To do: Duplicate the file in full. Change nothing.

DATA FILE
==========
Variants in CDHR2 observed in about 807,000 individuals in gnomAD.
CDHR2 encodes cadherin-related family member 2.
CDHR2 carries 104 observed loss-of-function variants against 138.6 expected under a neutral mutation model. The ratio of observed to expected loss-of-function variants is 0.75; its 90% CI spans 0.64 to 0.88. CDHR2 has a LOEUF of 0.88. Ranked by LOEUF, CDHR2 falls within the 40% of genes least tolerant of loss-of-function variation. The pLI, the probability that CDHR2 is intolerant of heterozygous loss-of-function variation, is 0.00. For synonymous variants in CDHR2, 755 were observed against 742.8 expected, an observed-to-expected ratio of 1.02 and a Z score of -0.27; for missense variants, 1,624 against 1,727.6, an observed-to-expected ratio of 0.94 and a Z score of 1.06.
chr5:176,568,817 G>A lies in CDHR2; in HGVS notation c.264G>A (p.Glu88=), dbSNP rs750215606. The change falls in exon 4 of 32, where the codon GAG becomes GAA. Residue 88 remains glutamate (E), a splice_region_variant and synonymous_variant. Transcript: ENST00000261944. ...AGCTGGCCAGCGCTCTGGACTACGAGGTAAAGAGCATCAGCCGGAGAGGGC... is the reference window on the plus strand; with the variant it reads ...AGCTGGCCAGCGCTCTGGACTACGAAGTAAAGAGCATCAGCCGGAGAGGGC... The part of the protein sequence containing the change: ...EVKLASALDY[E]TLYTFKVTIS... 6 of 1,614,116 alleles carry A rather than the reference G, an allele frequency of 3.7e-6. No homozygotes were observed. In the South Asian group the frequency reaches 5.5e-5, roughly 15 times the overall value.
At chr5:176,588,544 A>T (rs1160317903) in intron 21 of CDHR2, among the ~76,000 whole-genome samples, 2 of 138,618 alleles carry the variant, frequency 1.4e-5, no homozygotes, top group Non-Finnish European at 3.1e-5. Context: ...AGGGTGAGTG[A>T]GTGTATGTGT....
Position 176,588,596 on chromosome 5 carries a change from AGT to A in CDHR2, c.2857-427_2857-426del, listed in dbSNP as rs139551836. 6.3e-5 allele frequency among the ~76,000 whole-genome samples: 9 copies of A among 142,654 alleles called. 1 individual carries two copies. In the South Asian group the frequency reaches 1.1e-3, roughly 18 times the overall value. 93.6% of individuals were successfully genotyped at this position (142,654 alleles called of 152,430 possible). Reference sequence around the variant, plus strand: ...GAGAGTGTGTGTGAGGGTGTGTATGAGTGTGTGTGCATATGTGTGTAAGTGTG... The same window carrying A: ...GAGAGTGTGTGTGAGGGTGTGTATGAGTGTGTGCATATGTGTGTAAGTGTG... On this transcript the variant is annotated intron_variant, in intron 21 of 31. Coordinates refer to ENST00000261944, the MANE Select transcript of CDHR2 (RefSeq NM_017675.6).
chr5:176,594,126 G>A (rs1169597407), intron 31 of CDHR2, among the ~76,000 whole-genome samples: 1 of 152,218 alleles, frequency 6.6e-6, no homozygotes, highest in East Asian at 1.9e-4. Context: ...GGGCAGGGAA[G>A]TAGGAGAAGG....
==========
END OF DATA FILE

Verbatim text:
Variants in CDHR2 observed in about 807,000 individuals in gnomAD.
CDHR2 encodes cadherin-related family member 2.
CDHR2 carries 104 observed loss-of-function variants against 138.6 expected under a neutral mutation model. The ratio of observed to expected loss-of-function variants is 0.75; its 90% CI spans 0.64 to 0.88. CDHR2 has a LOEUF of 0.88. Ranked by LOEUF, CDHR2 falls within the 40% of genes least tolerant of loss-of-function variation. The pLI, the probability that CDHR2 is intolerant of heterozygous loss-of-function variation, is 0.00. For synonymous variants in CDHR2, 755 were observed against 742.8 expected, an observed-to-expected ratio of 1.02 and a Z score of -0.27; for missense variants, 1,624 against 1,727.6, an observed-to-expected ratio of 0.94 and a Z score of 1.06.
chr5:176,568,817 G>A lies in CDHR2; in HGVS notation c.264G>A (p.Glu88=), dbSNP rs750215606. The change falls in exon 4 of 32, where the codon GAG becomes GAA. Residue 88 remains glutamate (E), a splice_region_variant and synonymous_variant. Transcript: ENST00000261944. ...AGCTGGCCAGCGCTCTGGACTACGAGGTAAAGAGCATCAGCCGGAGAGGGC... is the reference window on the plus strand; with the variant it reads ...AGCTGGCCAGCGCTCTGGACTACGAAGTAAAGAGCATCAGCCGGAGAGGGC... The part of the protein sequence containing the change: ...EVKLASALDY[E]TLYTFKVTIS... 6 of 1,614,116 alleles carry A rather than the reference G, an allele frequency of 3.7e-6. No homozygotes were observed. In the South Asian group the frequency reaches 5.5e-5, roughly 15 times the overall value.
At chr5:176,588,544 A>T (rs1160317903) in intron 21 of CDHR2, among the ~76,000 whole-genome samples, 2 of 138,618 alleles carry the variant, frequency 1.4e-5, no homozygotes, top group Non-Finnish European at 3.1e-5. Context: ...AGGGTGAGTG[A>T]GTGTATGTGT....
Position 176,588,596 on chromosome 5 carries a change from AGT to A in CDHR2, c.2857-427_2857-426del, listed in dbSNP as rs139551836. 6.3e-5 allele frequency among the ~76,000 whole-genome samples: 9 copies of A among 142,654 alleles called. 1 individual carries two copies. In the South Asian group the frequency reaches 1.1e-3, roughly 18 times the overall value. 93.6% of individuals were successfully genotyped at this position (142,654 alleles called of 152,430 possible). Reference sequence around the variant, plus strand: ...GAGAGTGTGTGTGAGGGTGTGTATGAGTGTGTGTGCATATGTGTGTAAGTGTG... The same window carrying A: ...GAGAGTGTGTGTGAGGGTGTGTATGAGTGTGTGCATATGTGTGTAAGTGTG... On this transcript the variant is annotated intron_variant, in intron 21 of 31. Coordinates refer to ENST00000261944, the MANE Select transcript of CDHR2 (RefSeq NM_017675.6).
chr5:176,594,126 G>A (rs1169597407), intron 31 of CDHR2, among the ~76,000 whole-genome samples: 1 of 152,218 alleles, frequency 6.6e-6, no homozygotes, highest in East Asian at 1.9e-4. Context: ...GGGCAGGGAA[G>A]TAGGAGAAGG....